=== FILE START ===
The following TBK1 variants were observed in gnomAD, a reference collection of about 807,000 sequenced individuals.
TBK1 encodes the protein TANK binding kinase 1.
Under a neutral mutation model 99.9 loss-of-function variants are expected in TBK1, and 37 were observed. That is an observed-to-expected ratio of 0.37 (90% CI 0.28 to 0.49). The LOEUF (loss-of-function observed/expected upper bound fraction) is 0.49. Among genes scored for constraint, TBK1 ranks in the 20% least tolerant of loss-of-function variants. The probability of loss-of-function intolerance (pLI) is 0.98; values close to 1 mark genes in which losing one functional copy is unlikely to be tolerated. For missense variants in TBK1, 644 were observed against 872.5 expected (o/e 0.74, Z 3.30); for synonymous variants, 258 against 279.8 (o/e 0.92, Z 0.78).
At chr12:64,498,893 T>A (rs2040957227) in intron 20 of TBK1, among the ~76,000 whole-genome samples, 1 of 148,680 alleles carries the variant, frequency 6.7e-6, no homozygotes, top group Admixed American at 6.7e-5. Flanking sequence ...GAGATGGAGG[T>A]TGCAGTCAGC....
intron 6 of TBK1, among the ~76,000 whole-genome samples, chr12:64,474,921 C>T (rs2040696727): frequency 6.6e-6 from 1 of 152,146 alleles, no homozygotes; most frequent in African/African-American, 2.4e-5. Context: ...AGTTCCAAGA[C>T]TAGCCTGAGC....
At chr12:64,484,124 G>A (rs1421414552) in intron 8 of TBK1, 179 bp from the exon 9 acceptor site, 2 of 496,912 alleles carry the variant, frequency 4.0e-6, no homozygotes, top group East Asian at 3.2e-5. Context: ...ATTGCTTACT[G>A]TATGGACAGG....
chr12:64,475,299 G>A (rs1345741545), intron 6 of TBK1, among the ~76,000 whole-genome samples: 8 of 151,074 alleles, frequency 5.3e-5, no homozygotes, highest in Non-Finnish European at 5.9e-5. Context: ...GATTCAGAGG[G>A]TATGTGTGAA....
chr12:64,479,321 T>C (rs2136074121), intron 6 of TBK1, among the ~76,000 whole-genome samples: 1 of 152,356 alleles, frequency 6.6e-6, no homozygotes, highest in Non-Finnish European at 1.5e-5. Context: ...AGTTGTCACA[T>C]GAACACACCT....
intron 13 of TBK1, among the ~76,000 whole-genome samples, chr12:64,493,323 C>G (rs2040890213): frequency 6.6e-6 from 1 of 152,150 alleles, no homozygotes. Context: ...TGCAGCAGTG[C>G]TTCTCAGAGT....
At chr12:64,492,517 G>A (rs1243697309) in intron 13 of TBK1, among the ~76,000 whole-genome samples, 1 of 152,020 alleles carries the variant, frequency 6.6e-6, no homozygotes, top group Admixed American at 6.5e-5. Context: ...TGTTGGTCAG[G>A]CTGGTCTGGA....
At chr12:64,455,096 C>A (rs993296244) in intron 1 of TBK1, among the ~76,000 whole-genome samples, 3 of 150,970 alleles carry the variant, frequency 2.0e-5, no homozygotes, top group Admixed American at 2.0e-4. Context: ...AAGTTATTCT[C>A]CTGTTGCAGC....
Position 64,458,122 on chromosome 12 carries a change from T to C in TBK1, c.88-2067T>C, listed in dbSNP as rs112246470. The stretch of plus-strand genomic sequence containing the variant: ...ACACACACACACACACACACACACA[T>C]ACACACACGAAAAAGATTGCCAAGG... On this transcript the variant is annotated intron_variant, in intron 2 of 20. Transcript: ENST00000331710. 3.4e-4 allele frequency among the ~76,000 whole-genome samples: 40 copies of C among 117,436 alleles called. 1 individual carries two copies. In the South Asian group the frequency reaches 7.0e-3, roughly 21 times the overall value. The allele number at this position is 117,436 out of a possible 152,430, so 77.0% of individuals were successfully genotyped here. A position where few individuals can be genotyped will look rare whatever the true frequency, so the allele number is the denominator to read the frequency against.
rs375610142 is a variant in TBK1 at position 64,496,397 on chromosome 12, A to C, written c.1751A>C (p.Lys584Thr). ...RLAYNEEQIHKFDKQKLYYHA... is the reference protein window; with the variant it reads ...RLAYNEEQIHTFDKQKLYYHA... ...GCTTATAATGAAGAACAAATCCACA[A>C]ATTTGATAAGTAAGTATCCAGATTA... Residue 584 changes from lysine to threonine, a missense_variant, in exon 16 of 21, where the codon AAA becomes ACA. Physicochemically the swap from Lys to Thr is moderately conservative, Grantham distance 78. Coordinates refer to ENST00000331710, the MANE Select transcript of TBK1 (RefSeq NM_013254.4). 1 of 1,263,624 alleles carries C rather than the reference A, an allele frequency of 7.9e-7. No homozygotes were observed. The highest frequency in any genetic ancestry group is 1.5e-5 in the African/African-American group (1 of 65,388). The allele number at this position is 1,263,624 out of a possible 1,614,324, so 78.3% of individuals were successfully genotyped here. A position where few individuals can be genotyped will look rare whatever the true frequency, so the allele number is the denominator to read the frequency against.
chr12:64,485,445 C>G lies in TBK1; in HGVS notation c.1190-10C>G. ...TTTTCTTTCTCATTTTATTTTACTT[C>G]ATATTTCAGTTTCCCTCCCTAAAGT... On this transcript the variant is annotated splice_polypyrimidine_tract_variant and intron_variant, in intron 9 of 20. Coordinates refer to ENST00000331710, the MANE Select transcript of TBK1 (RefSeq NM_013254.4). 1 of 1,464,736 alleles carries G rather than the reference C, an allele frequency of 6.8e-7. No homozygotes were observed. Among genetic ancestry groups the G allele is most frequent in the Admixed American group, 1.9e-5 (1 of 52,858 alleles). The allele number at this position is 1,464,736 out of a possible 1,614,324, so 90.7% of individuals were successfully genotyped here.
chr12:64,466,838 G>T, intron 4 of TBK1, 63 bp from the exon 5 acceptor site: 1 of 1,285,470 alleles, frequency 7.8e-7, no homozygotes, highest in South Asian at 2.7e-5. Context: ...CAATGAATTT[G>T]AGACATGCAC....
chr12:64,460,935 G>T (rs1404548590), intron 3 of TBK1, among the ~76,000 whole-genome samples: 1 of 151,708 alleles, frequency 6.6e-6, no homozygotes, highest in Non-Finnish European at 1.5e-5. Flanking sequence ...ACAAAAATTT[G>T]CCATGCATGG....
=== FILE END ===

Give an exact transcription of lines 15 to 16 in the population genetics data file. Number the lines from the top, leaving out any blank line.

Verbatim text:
chr12:64,466,838 G>T, intron 4 of TBK1, 63 bp from the exon 5 acceptor site: 1 of 1,285,470 alleles, frequency 7.8e-7, no homozygotes, highest in South Asian at 2.7e-5. Context: ...CAATGAATTT[G>T]AGACATGCAC....
chr12:64,460,935 G>T (rs1404548590), intron 3 of TBK1, among the ~76,000 whole-genome samples: 1 of 151,708 alleles, frequency 6.6e-6, no homozygotes, highest in Non-Finnish European at 1.5e-5. Flanking sequence ...ACAAAAATTT[G>T]CCATGCATGG....